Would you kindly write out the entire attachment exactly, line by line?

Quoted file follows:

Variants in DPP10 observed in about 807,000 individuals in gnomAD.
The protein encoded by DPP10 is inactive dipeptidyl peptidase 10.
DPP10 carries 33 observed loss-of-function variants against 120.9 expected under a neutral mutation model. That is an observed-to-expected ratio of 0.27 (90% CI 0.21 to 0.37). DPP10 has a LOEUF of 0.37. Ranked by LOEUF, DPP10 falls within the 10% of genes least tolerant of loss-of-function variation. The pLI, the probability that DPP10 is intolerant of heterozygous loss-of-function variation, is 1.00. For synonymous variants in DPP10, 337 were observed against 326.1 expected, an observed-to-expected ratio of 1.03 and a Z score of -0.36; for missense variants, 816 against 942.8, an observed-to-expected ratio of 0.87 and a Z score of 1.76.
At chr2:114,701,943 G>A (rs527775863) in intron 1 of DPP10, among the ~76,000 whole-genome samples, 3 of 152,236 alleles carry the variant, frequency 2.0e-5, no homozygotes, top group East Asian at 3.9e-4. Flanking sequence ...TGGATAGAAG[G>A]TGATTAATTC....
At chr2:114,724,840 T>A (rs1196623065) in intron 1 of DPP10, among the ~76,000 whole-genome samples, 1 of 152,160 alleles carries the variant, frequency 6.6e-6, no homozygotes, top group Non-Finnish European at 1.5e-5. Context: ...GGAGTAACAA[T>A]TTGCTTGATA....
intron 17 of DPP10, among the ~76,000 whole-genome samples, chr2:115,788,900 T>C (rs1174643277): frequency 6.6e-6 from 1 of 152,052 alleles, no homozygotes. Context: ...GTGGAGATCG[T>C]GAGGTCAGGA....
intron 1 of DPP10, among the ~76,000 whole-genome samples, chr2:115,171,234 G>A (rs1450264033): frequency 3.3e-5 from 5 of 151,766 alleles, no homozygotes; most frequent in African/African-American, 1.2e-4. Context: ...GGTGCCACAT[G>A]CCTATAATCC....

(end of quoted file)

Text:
Variants in DPP10 observed in about 807,000 individuals in gnomAD.
The protein encoded by DPP10 is inactive dipeptidyl peptidase 10.
DPP10 carries 33 observed loss-of-function variants against 120.9 expected under a neutral mutation model. That is an observed-to-expected ratio of 0.27 (90% CI 0.21 to 0.37). DPP10 has a LOEUF of 0.37. Ranked by LOEUF, DPP10 falls within the 10% of genes least tolerant of loss-of-function variation. The pLI, the probability that DPP10 is intolerant of heterozygous loss-of-function variation, is 1.00. For synonymous variants in DPP10, 337 were observed against 326.1 expected, an observed-to-expected ratio of 1.03 and a Z score of -0.36; for missense variants, 816 against 942.8, an observed-to-expected ratio of 0.87 and a Z score of 1.76.
At chr2:114,701,943 G>A (rs527775863) in intron 1 of DPP10, among the ~76,000 whole-genome samples, 3 of 152,236 alleles carry the variant, frequency 2.0e-5, no homozygotes, top group East Asian at 3.9e-4. Flanking sequence ...TGGATAGAAG[G>A]TGATTAATTC....
At chr2:114,724,840 T>A (rs1196623065) in intron 1 of DPP10, among the ~76,000 whole-genome samples, 1 of 152,160 alleles carries the variant, frequency 6.6e-6, no homozygotes, top group Non-Finnish European at 1.5e-5. Context: ...GGAGTAACAA[T>A]TTGCTTGATA....
intron 17 of DPP10, among the ~76,000 whole-genome samples, chr2:115,788,900 T>C (rs1174643277): frequency 6.6e-6 from 1 of 152,052 alleles, no homozygotes. Context: ...GTGGAGATCG[T>C]GAGGTCAGGA....
intron 1 of DPP10, among the ~76,000 whole-genome samples, chr2:115,171,234 G>A (rs1450264033): frequency 3.3e-5 from 5 of 151,766 alleles, no homozygotes; most frequent in African/African-American, 1.2e-4. Context: ...GGTGCCACAT[G>A]CCTATAATCC....